This quarter I am teaching an undergraduate class called Digital Futures. I developed my proposal for this course, based on my 9.5 working theses about technology, before the pandemic. At that time, I thought the presidential election would be the most relevant event for reflecting on the present and prospective impacts of emerging technologies. Everything that has happened in the last six months—the pandemic, the related infodemic, the accelerated digital transformation of our lives, and the social inequities and divides highlighted by these disruptions—have made the topic of this class overwhelmingly timely.
During the summer, many organizations shifted from planning for the next few months to planning for the coming year—and beyond. While many of us are still in survival mode, a number of significant changes are being made that will become permanent: the deployment of more digital tools (e.g., smart devices for tracking and surveillance), the development of more digital techniques (e.g., the automation of tasks and decisions), and the dawning of a broader recognition of the digital dimension of our reality (i.e., the blending or merging of our online and offline lives). This is not just a time for thinking about the future—it is a time to ask about the future we are creating.
For some time on this site, I have focused on the concept of eschatology—i.e., views of last or ultimate things—as a resource for thinking about technology and the future. This does not mean detailed prophecies about the future. Rather, I am exploring how views of ultimate goals or ends can open up our imagination to what is promised or possible, and then seeking what may be present now of these hoped-for ends.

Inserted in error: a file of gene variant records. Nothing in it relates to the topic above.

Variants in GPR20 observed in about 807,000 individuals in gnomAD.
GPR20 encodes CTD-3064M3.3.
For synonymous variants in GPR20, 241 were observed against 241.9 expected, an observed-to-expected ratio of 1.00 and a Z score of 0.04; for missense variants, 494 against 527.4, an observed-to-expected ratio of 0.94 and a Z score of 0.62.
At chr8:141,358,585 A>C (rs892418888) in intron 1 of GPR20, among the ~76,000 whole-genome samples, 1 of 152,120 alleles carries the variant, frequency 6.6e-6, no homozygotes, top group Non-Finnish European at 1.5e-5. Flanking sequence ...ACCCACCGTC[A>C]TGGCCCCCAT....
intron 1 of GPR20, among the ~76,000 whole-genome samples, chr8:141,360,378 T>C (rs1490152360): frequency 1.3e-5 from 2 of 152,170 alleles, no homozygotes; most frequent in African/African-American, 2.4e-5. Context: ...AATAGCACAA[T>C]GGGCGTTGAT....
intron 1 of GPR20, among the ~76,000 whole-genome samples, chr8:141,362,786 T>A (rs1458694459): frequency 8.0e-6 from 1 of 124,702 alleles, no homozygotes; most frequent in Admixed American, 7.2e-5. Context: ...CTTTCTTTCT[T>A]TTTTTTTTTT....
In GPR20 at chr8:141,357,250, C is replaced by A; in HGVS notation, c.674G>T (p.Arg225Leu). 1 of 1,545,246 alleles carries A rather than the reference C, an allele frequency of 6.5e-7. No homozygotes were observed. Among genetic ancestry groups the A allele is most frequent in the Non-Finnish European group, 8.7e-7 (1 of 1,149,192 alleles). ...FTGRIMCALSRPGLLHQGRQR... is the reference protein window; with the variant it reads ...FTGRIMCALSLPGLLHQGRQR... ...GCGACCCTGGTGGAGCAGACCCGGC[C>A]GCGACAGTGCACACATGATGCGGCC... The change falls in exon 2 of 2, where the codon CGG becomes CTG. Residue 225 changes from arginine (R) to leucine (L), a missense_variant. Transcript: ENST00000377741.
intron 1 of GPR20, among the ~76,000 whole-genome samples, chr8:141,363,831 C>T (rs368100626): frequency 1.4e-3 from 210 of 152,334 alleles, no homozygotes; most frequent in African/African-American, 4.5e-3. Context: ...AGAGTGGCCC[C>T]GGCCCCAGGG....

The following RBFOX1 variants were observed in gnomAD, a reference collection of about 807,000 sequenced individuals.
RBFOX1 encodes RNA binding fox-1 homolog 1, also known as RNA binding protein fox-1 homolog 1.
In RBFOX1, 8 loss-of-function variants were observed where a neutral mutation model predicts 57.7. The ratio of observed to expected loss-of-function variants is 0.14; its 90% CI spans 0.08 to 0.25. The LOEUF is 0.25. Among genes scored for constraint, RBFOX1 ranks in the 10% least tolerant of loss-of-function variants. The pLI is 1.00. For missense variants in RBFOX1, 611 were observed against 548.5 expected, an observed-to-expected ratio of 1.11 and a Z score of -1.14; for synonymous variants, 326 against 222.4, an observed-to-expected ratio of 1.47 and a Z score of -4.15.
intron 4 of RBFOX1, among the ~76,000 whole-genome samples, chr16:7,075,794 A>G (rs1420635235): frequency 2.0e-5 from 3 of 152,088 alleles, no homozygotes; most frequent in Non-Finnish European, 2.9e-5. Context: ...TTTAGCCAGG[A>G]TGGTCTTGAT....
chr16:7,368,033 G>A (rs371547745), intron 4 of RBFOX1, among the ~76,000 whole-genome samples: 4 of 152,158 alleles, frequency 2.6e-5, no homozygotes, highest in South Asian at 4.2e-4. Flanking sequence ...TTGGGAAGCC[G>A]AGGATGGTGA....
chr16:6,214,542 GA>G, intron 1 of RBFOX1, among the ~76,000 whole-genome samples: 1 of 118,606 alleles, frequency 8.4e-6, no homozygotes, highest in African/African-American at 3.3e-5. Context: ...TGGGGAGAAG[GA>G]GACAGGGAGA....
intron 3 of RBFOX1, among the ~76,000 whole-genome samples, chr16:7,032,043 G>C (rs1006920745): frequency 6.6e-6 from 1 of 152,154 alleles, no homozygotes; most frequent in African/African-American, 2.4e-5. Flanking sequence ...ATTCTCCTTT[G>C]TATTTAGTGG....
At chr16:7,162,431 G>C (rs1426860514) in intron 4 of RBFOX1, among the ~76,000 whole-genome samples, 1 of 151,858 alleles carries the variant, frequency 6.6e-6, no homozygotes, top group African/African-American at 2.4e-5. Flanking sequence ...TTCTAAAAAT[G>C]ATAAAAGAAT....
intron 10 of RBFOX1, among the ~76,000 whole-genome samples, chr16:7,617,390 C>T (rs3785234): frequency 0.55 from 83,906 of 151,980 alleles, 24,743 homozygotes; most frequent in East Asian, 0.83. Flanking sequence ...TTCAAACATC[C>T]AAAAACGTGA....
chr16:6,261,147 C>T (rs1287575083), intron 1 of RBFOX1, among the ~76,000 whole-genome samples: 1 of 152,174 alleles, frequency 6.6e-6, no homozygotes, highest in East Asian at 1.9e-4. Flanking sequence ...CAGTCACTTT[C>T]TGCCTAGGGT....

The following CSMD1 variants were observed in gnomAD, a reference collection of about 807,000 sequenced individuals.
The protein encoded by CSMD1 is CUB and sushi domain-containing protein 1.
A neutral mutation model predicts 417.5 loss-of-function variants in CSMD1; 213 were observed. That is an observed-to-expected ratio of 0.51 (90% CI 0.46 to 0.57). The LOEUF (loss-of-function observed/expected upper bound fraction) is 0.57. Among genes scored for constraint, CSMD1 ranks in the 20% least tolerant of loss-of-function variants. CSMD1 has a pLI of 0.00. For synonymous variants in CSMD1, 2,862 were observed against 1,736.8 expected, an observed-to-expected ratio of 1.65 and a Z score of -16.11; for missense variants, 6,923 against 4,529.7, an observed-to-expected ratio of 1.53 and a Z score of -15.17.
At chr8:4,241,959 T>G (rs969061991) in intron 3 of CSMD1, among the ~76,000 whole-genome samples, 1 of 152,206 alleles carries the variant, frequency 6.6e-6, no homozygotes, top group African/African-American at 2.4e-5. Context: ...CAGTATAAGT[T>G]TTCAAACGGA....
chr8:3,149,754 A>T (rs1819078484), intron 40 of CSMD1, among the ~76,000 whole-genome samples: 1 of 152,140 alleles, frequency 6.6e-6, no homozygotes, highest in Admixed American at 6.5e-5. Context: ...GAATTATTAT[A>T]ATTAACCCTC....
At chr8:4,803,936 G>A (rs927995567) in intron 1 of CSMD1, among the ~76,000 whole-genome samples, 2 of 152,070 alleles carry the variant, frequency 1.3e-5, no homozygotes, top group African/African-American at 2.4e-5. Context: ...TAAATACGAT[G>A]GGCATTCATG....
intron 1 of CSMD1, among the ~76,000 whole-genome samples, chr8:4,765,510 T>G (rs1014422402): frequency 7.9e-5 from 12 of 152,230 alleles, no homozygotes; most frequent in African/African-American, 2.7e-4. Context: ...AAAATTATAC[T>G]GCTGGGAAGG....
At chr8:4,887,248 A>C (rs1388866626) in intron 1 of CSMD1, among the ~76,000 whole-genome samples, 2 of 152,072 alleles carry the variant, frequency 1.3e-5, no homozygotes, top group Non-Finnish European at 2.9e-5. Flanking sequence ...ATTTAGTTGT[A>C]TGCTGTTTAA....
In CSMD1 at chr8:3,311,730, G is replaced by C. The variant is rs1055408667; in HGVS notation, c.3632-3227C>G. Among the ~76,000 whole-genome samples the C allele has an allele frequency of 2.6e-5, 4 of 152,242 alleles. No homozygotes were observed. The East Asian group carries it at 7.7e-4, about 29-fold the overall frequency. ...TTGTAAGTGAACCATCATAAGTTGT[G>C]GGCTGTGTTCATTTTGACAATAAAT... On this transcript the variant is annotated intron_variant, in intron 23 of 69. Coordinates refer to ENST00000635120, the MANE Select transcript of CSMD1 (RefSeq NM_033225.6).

A year ago, I wrote a post about Neal Stephenson’s latest novel Fall; Or, Dodge in Hell, which imagines a digitally-enabled afterlife. One of the features I highlighted in Fall is how the realization of the transhuman dream of digitally extending consciousness into “Bitworld” requires humans remaining in “Meatspace” to reimagine human futures. This leads to the establishment of an interdisciplinary research center, ONE: The Organization for New Eschatology. Theology is included among the disciplines; one of ONE’s leaders observes that it “can do duty as a cracked mirror or a smudged lens through which we might be able to glimpse things that are informative” (244).
Perhaps theology can contribute more—and we do not need to wait for imagined technological crises, such as simulated lives or artificial superintelligence, to find out. Previously, I shared Tom McLeish’s argument that theology opens up our imagination to something more than natural or human agency: it considers divine agency and ultimate ends (teloi). “Because theology observes and construes stories,” McLeish says, “it is able to discuss purposes and values—it can speak of, and ground, ‘teleology.’” Our theological narratives, McLeish concludes, can help us understand shared goals, common practices, and “shared experiences of creativity and constraints” (Faith and Wisdom in Science [Oxford, 2014], 214, 248).